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Track Record: Sheffield ranked as the Yankees top prospect this off-season before being the key acquisition in the trade to the Mariners for ace James Paxton. Growing up in Tennessee, the Sheffield brothers were quite the one-two combination of pitchers. Older brother Jordan went to Vanderbilt before becoming a supplemental first-round pick of the Dodgers in 2016, while Justus signed with the Indians out of high school as a first-round pick. Justus was traded to the Yankees with Clint Frazier in 2016 to help the Indians acquire reliever Andrew Miller. Sheffield quickly made a splash in his new organization. In the playoffs, he pitched the first half of a no-hitter against Binghamton before handing the ball to righthander Taylor Widener for the final four innings. Sheffield missed time in 2017 with an oblique issue and missed one start in 2018 with tightness in his left shoulder. The Yankees moved him to the bullpen in August to prepare him for a bullpen role in New York in September. He struggled to throw strikes in three late-season outings in New York.
Scouting Report: Sheffield is a starter who attacks hitters like a late-inning reliever. Everything he throws is hard and he shows little finesse. He attacks hitters with an effort-filled delivery. A generation ago, that would likely lead to a move to the bullpen, but today Sheffield will get to prove that his all-out approach can work for five to six innings per start. After much debate, the Yankees sent Sheffield back to Double-A Trenton to begin the season so he could continue to sharpen the command of his mid-90s fastball. He worked to add two-plane break to his mid-80s slider. He was successful at times in this regard, with the pitch showing more depth in particular during his stint in the big leagues. Now, he'll need to work to repeat the mechanics that allowed him to make this change. His 87-89 mph changeup had been too firm, and the Yankees wanted to see him figure out a grip that would allow him to get more separation between it and his fastball. In spurts he showed the ability to dial back his offspeed pitches, but sometimes, especially when he moved to the bullpen, adrenaline took over and he reverted back to throwing everything as hard as possible. Expect to see better results now that his major league debut is behind him.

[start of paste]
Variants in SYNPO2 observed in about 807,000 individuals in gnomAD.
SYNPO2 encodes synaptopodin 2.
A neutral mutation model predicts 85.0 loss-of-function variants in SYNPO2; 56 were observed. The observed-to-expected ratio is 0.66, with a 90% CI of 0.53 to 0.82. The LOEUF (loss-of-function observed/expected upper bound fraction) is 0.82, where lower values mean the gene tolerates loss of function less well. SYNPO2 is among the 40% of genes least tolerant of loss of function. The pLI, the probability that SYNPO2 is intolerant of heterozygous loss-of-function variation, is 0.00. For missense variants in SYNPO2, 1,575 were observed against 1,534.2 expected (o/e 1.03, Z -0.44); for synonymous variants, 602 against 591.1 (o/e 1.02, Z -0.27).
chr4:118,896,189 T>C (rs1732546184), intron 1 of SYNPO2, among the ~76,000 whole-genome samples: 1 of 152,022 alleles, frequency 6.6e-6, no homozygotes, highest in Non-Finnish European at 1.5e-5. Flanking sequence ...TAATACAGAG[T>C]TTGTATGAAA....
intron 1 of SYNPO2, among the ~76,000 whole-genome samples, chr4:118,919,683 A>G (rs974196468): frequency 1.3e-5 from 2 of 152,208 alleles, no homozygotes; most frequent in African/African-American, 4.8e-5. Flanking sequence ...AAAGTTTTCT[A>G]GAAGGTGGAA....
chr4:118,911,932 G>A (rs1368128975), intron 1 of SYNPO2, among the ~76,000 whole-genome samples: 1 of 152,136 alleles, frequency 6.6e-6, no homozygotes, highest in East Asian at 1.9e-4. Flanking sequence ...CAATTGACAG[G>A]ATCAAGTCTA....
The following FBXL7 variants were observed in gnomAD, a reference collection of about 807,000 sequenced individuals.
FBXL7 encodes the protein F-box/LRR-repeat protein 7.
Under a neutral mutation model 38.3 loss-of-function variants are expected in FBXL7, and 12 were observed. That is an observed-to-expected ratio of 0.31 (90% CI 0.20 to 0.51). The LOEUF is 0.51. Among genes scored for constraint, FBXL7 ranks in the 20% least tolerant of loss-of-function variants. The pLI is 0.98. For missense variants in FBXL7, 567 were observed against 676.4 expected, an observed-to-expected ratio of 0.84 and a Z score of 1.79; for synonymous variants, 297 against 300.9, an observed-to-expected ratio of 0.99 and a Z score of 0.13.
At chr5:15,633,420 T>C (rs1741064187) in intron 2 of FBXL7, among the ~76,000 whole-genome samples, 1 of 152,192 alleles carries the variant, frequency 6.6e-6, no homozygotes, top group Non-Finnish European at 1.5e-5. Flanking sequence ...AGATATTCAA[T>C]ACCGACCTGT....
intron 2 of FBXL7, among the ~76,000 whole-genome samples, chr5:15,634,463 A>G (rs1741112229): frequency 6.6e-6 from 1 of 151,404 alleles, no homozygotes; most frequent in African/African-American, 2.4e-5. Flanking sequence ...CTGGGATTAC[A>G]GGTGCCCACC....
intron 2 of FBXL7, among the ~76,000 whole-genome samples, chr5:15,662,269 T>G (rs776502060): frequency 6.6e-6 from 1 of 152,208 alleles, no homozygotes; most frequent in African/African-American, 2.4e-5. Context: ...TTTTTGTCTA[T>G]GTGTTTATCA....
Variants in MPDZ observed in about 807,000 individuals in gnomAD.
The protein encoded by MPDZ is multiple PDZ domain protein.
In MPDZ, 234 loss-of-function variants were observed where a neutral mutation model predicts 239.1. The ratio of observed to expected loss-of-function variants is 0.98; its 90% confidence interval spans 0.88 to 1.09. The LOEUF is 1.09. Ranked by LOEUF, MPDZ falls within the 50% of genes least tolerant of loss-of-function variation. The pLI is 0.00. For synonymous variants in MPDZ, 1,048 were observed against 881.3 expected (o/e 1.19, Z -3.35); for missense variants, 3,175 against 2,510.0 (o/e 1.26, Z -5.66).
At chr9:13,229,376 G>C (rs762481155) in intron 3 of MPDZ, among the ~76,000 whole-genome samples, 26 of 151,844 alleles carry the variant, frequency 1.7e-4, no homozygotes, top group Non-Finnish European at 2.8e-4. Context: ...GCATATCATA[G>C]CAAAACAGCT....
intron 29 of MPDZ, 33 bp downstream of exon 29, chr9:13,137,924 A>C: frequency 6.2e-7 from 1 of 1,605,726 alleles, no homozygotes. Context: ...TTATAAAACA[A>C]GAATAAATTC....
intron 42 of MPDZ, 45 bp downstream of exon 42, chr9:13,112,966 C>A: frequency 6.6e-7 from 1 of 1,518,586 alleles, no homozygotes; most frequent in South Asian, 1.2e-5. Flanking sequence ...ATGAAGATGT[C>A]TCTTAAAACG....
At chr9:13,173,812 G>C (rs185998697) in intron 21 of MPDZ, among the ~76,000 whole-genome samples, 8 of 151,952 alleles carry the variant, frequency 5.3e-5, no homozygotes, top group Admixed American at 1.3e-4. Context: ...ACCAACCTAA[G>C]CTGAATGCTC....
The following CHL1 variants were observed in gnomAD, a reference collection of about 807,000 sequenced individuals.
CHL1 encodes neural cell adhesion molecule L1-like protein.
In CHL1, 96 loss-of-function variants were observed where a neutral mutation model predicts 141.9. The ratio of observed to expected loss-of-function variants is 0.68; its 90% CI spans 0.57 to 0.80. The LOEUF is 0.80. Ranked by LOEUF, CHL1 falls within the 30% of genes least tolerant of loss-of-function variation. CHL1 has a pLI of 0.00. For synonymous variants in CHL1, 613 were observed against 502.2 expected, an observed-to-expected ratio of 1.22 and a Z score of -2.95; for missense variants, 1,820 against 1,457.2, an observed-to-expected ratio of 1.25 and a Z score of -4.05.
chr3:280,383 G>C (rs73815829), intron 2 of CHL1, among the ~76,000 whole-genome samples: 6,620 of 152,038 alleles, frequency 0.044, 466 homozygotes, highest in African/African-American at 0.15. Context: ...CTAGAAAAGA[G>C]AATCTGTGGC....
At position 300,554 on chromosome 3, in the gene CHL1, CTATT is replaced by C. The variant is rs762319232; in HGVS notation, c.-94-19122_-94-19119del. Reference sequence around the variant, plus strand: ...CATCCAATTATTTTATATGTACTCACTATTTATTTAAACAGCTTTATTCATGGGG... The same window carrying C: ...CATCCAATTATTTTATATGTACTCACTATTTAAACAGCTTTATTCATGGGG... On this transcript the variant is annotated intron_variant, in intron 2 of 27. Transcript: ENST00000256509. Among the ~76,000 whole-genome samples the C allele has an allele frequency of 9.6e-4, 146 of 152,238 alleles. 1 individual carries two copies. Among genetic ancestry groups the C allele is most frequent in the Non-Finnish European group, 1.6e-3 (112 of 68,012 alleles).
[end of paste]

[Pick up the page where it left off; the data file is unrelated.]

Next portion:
The Future: Sheffield will likely return to Triple-A to begin the season, but this time across the country in Tacoma, but he should be pitching for the Mariners before too long.